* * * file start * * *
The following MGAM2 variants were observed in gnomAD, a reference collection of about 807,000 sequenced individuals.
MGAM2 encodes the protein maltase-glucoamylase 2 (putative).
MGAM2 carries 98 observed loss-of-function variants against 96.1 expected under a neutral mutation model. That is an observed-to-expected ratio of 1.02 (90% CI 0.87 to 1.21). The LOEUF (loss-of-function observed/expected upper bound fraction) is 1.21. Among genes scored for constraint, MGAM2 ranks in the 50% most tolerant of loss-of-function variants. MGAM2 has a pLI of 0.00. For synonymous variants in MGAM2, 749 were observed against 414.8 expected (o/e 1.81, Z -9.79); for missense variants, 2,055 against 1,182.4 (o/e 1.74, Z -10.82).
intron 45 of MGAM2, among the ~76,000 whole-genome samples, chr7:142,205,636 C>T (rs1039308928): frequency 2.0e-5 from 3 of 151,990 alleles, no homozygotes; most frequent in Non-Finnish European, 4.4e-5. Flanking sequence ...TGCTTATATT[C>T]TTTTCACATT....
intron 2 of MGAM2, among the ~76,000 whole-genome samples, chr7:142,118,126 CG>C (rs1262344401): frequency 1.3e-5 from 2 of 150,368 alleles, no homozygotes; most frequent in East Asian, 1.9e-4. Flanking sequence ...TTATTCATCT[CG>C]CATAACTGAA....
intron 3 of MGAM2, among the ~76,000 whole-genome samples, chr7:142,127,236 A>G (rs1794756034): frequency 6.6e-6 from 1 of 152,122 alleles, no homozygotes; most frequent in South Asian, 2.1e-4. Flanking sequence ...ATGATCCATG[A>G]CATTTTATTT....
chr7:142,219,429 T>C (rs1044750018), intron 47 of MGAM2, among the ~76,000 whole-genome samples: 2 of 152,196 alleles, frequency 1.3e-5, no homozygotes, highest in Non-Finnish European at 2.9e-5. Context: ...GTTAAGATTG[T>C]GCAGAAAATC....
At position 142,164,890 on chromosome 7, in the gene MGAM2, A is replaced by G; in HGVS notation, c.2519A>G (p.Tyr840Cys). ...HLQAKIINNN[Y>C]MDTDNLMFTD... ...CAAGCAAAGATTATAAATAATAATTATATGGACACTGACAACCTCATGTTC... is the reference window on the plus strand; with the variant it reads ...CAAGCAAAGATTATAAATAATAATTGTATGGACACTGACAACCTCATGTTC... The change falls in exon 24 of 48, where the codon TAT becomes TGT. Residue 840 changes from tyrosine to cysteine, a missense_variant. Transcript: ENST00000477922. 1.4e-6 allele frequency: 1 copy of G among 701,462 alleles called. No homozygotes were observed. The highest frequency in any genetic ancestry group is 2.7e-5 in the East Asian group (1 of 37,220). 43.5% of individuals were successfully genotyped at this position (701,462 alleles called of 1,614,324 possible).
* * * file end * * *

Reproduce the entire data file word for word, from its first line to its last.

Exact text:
The following MGAM2 variants were observed in gnomAD, a reference collection of about 807,000 sequenced individuals.
MGAM2 encodes the protein maltase-glucoamylase 2 (putative).
MGAM2 carries 98 observed loss-of-function variants against 96.1 expected under a neutral mutation model. That is an observed-to-expected ratio of 1.02 (90% CI 0.87 to 1.21). The LOEUF (loss-of-function observed/expected upper bound fraction) is 1.21. Among genes scored for constraint, MGAM2 ranks in the 50% most tolerant of loss-of-function variants. MGAM2 has a pLI of 0.00. For synonymous variants in MGAM2, 749 were observed against 414.8 expected (o/e 1.81, Z -9.79); for missense variants, 2,055 against 1,182.4 (o/e 1.74, Z -10.82).
intron 45 of MGAM2, among the ~76,000 whole-genome samples, chr7:142,205,636 C>T (rs1039308928): frequency 2.0e-5 from 3 of 151,990 alleles, no homozygotes; most frequent in Non-Finnish European, 4.4e-5. Flanking sequence ...TGCTTATATT[C>T]TTTTCACATT....
intron 2 of MGAM2, among the ~76,000 whole-genome samples, chr7:142,118,126 CG>C (rs1262344401): frequency 1.3e-5 from 2 of 150,368 alleles, no homozygotes; most frequent in East Asian, 1.9e-4. Flanking sequence ...TTATTCATCT[CG>C]CATAACTGAA....
intron 3 of MGAM2, among the ~76,000 whole-genome samples, chr7:142,127,236 A>G (rs1794756034): frequency 6.6e-6 from 1 of 152,122 alleles, no homozygotes; most frequent in South Asian, 2.1e-4. Flanking sequence ...ATGATCCATG[A>G]CATTTTATTT....
chr7:142,219,429 T>C (rs1044750018), intron 47 of MGAM2, among the ~76,000 whole-genome samples: 2 of 152,196 alleles, frequency 1.3e-5, no homozygotes, highest in Non-Finnish European at 2.9e-5. Context: ...GTTAAGATTG[T>C]GCAGAAAATC....
At position 142,164,890 on chromosome 7, in the gene MGAM2, A is replaced by G; in HGVS notation, c.2519A>G (p.Tyr840Cys). ...HLQAKIINNN[Y>C]MDTDNLMFTD... ...CAAGCAAAGATTATAAATAATAATTATATGGACACTGACAACCTCATGTTC... is the reference window on the plus strand; with the variant it reads ...CAAGCAAAGATTATAAATAATAATTGTATGGACACTGACAACCTCATGTTC... The change falls in exon 24 of 48, where the codon TAT becomes TGT. Residue 840 changes from tyrosine to cysteine, a missense_variant. Transcript: ENST00000477922. 1.4e-6 allele frequency: 1 copy of G among 701,462 alleles called. No homozygotes were observed. The highest frequency in any genetic ancestry group is 2.7e-5 in the East Asian group (1 of 37,220). 43.5% of individuals were successfully genotyped at this position (701,462 alleles called of 1,614,324 possible).